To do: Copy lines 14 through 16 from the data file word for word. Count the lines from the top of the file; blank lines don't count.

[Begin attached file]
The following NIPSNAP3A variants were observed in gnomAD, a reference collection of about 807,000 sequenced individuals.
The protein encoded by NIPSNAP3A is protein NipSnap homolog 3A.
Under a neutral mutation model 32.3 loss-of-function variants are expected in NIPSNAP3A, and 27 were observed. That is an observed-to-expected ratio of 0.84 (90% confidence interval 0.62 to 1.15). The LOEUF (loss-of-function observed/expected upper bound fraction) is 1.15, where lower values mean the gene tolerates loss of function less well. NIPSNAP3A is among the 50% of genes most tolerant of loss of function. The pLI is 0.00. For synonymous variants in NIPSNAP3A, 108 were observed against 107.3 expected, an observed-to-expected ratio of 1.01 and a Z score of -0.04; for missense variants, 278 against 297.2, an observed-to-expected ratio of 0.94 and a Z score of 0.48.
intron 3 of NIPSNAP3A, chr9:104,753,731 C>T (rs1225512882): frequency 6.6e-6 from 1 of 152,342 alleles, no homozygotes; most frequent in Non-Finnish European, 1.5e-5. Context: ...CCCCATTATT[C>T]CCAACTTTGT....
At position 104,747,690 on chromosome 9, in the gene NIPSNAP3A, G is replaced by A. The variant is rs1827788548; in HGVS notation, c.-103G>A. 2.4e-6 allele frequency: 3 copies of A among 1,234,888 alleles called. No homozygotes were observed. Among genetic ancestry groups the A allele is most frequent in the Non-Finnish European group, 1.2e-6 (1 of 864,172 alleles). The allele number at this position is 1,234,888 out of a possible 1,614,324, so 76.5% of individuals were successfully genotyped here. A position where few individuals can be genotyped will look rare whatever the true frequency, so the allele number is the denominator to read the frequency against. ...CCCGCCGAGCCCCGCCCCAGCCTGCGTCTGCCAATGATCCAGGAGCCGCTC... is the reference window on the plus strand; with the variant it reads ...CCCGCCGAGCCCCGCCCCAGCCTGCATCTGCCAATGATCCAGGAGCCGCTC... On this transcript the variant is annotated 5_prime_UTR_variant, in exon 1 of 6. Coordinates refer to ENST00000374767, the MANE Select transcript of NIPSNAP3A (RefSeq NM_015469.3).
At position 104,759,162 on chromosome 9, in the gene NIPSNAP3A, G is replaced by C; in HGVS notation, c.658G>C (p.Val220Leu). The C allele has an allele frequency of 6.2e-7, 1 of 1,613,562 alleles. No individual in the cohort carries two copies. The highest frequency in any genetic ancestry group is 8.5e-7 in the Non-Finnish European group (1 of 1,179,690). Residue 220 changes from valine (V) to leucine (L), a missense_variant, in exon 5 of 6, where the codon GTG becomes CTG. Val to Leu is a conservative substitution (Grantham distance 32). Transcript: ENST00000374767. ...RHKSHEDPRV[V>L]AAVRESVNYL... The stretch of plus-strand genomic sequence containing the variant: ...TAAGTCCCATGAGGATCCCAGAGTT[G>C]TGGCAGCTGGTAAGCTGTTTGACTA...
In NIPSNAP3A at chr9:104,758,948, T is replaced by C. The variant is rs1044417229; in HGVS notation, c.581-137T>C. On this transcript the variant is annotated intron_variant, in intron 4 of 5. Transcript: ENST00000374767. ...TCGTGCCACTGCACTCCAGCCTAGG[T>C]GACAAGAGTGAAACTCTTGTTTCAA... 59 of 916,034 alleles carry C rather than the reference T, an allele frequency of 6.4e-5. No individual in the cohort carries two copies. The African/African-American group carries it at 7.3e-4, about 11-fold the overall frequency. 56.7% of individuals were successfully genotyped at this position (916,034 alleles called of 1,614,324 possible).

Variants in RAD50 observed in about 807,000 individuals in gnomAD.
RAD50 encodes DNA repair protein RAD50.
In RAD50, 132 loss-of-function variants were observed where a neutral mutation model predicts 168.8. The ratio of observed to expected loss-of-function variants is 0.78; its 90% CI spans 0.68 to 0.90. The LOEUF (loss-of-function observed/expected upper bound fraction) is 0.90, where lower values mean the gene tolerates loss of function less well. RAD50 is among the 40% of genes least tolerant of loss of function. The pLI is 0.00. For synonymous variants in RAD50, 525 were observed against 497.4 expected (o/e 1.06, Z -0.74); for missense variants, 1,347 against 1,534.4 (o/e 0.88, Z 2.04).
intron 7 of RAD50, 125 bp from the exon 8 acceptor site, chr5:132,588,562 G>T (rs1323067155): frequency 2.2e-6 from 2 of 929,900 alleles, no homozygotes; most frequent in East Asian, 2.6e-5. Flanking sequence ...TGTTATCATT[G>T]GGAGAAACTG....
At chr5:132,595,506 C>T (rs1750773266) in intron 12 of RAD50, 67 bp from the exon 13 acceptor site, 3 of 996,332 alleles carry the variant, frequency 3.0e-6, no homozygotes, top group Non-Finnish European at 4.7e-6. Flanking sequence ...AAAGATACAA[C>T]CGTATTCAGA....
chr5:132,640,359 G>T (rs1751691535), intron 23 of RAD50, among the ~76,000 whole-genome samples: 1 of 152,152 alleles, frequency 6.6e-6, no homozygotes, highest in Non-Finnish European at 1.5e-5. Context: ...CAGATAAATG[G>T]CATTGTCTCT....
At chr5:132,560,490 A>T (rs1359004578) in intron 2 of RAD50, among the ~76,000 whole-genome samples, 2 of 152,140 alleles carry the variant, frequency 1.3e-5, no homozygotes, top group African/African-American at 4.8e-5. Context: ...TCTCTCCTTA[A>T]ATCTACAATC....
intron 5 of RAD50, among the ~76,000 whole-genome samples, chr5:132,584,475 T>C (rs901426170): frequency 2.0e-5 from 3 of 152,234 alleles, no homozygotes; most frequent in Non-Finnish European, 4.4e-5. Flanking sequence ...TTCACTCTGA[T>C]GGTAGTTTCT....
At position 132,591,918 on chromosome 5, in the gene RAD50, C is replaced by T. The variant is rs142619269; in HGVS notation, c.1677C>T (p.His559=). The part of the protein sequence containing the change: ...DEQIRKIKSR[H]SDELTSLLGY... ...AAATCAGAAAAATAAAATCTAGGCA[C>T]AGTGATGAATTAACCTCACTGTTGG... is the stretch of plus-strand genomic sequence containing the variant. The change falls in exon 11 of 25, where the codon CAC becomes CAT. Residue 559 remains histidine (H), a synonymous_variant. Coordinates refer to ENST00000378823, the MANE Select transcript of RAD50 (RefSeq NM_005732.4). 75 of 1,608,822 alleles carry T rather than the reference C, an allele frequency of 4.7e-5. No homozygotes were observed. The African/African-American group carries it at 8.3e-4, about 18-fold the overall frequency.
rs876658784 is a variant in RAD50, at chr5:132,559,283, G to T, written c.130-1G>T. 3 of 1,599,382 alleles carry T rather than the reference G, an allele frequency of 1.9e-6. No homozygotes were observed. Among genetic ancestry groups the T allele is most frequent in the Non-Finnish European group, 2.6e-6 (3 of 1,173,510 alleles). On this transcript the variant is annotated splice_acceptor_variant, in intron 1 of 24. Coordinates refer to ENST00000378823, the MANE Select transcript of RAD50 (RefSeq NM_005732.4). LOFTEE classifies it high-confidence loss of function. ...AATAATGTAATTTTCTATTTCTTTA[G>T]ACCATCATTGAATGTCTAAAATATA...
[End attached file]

At chr5:132,560,490 A>T (rs1359004578) in intron 2 of RAD50, among the ~76,000 whole-genome samples, 2 of 152,140 alleles carry the variant, frequency 1.3e-5, no homozygotes, top group African/African-American at 4.8e-5. Context: ...TCTCTCCTTA[A>T]ATCTACAATC....
intron 5 of RAD50, among the ~76,000 whole-genome samples, chr5:132,584,475 T>C (rs901426170): frequency 2.0e-5 from 3 of 152,234 alleles, no homozygotes; most frequent in Non-Finnish European, 4.4e-5. Flanking sequence ...TTCACTCTGA[T>C]GGTAGTTTCT....
At position 132,591,918 on chromosome 5, in the gene RAD50, C is replaced by T. The variant is rs142619269; in HGVS notation, c.1677C>T (p.His559=). The part of the protein sequence containing the change: ...DEQIRKIKSR[H]SDELTSLLGY... ...AAATCAGAAAAATAAAATCTAGGCA[C>T]AGTGATGAATTAACCTCACTGTTGG... is the stretch of plus-strand genomic sequence containing the variant. The change falls in exon 11 of 25, where the codon CAC becomes CAT. Residue 559 remains histidine (H), a synonymous_variant. Coordinates refer to ENST00000378823, the MANE Select transcript of RAD50 (RefSeq NM_005732.4). 75 of 1,608,822 alleles carry T rather than the reference C, an allele frequency of 4.7e-5. No homozygotes were observed. The African/African-American group carries it at 8.3e-4, about 18-fold the overall frequency.